Business Process Management (BPM) isn’t always easy. For as long as there has been BPM, there’s been a revolving door of challenges, objections, issues, and problems, from skepticism over new technology to an entrenched reluctance to think and behave differently.
Moving beyond Tech deployments – companies often see BPM as simply a tool or, a consultant brought in to recommend new technology (or, sell the technology itself). When in practice, to make a meaningful contribution to the business, BPM needs to think holistically about the changes it recommends and put in place. BPM is about the end-to-end business process, not just the technology.
Poor buy-in from executive leaders – Often business leaders need to be convinced, having been burned in the past (regardless of whether it was the fault of BPM or, a failure of the organisation to change). BPM has a bit of a history of promising the moon and not delivering. And while there’s some truth to that, the current climate is different: there’s more pressure to do more with less; there’s more opportunity for automation to drive process efficiency. Combined, this means there’s more need for BPM and a higher chance of BPM success since the tools are there to realise the vision.
Poor buy-in from end-users – BPM consultants and workers both need to work together to ensure they secure buy-in from end-users before a change is deployed. Only by securing buy-in can BPM consultants and champions hope to see their projects succeed. And this buy-in starts at the beginning. BPM managers need to: meet and collaborate with end-users during requirements gathering and process mapping. Explain where the bottlenecks are and what opportunity exists for improvement. Assuage concerns that change will design out positions – rather, focus on the fact that employees aren’t being replaced, but are going to have the chance to do their job more efficiently. Explain the technology – how it works, why it was chosen. If possible, try and get end-users to trial it and provide feedback. Set expectations around deliverables and output. Make sure end-users and executives both understand productivity will dip immediately following implementation of the new process, as people get used to it – and that’s okay.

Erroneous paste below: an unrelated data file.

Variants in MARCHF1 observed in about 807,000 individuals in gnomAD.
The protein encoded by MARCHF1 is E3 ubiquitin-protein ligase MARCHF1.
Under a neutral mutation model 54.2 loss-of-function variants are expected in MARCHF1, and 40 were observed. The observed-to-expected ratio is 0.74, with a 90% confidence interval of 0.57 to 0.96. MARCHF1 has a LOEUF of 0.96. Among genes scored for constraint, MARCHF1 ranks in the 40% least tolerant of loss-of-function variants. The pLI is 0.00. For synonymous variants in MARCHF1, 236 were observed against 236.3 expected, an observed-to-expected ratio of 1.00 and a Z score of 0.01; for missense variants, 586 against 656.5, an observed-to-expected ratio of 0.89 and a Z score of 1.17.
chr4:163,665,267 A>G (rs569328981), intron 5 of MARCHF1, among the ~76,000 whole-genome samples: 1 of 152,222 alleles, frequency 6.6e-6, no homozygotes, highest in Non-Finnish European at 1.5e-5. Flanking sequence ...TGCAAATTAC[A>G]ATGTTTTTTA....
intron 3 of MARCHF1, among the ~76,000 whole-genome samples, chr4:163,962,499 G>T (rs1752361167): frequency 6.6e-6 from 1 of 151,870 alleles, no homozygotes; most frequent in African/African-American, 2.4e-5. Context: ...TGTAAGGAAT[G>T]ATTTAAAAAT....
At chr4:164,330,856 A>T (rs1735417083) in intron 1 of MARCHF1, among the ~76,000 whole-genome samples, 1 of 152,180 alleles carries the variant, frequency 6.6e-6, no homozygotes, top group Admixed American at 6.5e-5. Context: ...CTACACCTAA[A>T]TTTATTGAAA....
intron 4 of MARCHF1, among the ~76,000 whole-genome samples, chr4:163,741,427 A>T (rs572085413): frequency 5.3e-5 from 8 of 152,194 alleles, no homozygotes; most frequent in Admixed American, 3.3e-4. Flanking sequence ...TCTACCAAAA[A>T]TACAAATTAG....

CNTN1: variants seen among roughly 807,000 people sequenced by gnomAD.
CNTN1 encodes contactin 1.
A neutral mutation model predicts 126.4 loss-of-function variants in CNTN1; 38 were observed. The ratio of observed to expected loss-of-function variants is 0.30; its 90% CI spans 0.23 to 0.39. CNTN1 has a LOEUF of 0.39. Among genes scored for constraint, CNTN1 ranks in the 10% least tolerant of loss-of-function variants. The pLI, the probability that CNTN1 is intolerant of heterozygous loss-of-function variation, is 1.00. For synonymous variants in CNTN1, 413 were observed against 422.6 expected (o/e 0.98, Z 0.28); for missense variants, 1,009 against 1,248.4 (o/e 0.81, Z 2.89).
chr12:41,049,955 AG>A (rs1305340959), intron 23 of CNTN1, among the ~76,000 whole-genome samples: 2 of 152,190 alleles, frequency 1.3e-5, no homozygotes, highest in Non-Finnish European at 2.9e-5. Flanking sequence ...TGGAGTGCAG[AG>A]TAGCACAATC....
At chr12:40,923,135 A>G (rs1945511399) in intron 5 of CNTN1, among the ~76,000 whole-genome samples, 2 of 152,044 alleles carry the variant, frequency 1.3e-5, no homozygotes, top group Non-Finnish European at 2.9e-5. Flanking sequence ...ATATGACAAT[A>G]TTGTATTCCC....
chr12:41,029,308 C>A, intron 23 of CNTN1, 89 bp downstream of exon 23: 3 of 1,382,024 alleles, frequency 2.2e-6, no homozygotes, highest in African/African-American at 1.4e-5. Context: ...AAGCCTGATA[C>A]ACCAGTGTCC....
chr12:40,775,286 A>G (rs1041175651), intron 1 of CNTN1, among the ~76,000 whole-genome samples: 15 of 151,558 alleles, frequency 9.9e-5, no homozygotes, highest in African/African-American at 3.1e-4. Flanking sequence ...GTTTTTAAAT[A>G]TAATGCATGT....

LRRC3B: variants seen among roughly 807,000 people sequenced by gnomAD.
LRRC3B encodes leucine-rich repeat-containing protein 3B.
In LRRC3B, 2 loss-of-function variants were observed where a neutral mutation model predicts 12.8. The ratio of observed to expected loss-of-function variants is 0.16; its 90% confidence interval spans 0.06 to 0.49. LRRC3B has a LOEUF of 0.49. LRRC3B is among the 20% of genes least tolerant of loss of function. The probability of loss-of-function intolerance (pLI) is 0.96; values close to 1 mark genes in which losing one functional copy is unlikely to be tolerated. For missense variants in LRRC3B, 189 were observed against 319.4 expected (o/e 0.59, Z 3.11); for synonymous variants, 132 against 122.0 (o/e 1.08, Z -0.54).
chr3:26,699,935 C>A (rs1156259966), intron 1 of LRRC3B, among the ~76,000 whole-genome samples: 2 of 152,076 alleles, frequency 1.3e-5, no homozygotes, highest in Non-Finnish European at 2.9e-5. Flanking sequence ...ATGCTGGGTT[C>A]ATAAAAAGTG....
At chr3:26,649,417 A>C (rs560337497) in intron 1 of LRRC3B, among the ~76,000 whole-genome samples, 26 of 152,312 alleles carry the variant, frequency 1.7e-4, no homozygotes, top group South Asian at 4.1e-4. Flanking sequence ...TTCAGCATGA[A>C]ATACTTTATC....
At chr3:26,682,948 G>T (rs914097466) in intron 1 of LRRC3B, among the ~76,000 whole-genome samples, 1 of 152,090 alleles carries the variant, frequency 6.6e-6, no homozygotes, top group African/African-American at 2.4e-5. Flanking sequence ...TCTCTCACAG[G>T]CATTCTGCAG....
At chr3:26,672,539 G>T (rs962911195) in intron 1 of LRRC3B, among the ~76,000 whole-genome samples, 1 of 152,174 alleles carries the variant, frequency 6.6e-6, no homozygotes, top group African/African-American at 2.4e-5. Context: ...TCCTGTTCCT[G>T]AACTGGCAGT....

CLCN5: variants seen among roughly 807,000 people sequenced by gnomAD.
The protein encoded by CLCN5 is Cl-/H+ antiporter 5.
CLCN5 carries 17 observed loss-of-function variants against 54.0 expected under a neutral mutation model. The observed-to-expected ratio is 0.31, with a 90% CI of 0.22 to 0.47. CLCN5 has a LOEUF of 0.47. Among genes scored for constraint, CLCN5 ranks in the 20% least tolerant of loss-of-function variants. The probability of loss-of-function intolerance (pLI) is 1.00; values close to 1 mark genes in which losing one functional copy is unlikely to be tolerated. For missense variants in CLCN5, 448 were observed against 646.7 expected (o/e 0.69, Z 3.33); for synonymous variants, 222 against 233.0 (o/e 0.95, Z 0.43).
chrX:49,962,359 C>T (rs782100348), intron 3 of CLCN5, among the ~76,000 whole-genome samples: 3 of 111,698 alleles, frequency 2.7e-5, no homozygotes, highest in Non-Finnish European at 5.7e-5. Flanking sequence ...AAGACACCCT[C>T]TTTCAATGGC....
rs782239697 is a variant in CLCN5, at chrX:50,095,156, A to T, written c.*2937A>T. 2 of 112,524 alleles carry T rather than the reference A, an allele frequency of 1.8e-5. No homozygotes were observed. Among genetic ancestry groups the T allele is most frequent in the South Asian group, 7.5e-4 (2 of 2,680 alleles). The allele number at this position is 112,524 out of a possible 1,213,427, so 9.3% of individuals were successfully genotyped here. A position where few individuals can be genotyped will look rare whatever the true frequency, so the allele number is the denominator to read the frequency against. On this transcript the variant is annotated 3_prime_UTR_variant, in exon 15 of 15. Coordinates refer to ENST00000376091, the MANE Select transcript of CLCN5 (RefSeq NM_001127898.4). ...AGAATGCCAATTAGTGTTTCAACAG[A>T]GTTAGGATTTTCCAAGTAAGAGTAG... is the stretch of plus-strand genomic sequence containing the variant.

Being agile (enough) – Business challenges change rapidly. While BPM might be brought in to solve one problem, it’s important that projects can pivot to try and solve another. For instance, a business might try and use BPM to reduce costs, only to discover that halfway through it needs to focus on closing more business and increasing revenue. BPM project owners must be ready and shift their goals to constantly align with changing business objectives. Otherwise, they risk losing executive buy-in and eventually, their budget or, contract.
Setting a core KPI – A BPM project must have a clear success/failure metric. If this sort of clear-cut success/failure parameter is set out, it becomes much easier to justify further optimisation processes. By setting a clear KPI (usually a core business objective), BPM processes can clearly articulate their value in a way that businesses understand.
Business process management is experiencing a resurgence. There’s more enthusiasm for BPM, getting buy-in is easier, and there’s just more need as new technology is available for businesses to optimise previously un-optimisable processes. But that doesn’t mean it’s without its challenges.
BPM still face challenges around buy-in from executives and end-users, conveying the holistic view of BPM, and being dynamic enough to respond to a changing business landscape. These challenges aren’t going anywhere. But with a well-run and well-executed BPM strategy, overcoming them is just a matter of time.